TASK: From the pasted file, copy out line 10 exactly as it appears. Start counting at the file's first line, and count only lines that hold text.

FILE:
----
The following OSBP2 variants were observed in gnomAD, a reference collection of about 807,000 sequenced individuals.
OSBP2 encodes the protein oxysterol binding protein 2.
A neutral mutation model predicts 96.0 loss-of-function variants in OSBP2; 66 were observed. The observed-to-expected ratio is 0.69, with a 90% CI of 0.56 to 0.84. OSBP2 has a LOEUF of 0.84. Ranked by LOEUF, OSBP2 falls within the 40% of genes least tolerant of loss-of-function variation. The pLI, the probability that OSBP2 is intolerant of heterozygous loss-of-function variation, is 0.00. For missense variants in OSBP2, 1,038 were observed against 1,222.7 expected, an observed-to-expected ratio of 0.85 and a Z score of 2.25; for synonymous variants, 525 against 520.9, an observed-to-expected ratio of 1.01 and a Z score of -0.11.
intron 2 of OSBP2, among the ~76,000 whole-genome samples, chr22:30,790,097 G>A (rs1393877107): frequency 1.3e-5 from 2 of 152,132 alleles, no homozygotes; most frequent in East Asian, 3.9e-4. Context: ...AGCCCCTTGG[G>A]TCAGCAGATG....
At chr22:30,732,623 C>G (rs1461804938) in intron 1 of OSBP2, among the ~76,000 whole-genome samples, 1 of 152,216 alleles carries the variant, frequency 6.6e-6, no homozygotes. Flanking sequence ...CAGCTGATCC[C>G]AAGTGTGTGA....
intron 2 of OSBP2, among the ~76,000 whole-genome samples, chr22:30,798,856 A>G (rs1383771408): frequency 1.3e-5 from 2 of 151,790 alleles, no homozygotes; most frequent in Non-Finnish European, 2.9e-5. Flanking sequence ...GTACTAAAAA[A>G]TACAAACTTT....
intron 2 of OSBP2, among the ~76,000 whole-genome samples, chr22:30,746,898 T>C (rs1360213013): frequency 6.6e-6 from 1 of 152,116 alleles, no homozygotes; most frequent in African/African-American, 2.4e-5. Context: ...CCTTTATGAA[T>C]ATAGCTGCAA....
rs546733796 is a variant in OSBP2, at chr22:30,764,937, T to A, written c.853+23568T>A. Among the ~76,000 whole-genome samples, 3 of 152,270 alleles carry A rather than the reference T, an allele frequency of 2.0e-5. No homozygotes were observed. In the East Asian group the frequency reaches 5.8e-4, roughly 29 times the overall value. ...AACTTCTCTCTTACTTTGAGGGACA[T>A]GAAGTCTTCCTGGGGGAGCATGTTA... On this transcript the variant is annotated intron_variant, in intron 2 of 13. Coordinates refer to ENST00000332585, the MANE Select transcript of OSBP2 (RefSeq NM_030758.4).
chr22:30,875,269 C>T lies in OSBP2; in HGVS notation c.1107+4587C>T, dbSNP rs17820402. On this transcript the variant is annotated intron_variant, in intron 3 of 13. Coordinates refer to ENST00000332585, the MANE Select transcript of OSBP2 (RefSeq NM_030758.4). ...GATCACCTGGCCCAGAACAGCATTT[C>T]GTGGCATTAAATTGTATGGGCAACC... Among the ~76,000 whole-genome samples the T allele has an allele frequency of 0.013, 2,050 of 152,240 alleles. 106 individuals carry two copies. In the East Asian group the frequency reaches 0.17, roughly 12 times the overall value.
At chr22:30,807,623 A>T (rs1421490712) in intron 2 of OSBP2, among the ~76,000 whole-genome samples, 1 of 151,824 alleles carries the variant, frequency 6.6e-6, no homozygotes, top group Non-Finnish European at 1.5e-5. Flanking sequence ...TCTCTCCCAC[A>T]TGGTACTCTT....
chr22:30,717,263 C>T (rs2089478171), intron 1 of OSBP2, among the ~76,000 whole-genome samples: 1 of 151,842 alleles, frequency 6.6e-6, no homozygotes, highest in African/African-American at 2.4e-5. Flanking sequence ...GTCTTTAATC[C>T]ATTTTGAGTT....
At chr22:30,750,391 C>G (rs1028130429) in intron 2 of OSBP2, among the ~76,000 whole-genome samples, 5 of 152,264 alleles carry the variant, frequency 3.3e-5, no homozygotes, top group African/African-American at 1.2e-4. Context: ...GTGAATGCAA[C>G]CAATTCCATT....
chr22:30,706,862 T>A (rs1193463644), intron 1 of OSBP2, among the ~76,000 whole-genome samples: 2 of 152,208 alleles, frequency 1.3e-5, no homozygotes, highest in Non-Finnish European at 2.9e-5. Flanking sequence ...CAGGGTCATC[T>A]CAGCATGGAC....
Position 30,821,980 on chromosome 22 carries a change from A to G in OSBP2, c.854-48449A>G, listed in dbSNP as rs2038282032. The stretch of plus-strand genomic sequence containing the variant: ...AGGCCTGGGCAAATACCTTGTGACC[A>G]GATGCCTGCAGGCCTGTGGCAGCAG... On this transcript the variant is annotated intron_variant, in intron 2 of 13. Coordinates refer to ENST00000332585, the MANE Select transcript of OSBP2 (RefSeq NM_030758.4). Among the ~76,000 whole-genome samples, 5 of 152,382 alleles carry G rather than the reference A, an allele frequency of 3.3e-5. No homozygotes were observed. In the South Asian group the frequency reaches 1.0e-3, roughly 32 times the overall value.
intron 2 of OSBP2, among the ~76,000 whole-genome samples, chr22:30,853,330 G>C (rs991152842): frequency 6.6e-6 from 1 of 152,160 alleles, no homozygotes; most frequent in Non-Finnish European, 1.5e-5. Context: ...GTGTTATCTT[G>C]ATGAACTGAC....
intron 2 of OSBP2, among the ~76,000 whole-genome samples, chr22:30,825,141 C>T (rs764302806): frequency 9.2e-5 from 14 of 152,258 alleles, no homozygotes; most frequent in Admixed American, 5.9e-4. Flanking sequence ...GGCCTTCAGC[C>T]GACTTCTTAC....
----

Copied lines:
At chr22:30,807,623 A>T (rs1421490712) in intron 2 of OSBP2, among the ~76,000 whole-genome samples, 1 of 151,824 alleles carries the variant, frequency 6.6e-6, no homozygotes, top group Non-Finnish European at 1.5e-5. Flanking sequence ...TCTCTCCCAC[A>T]TGGTACTCTT....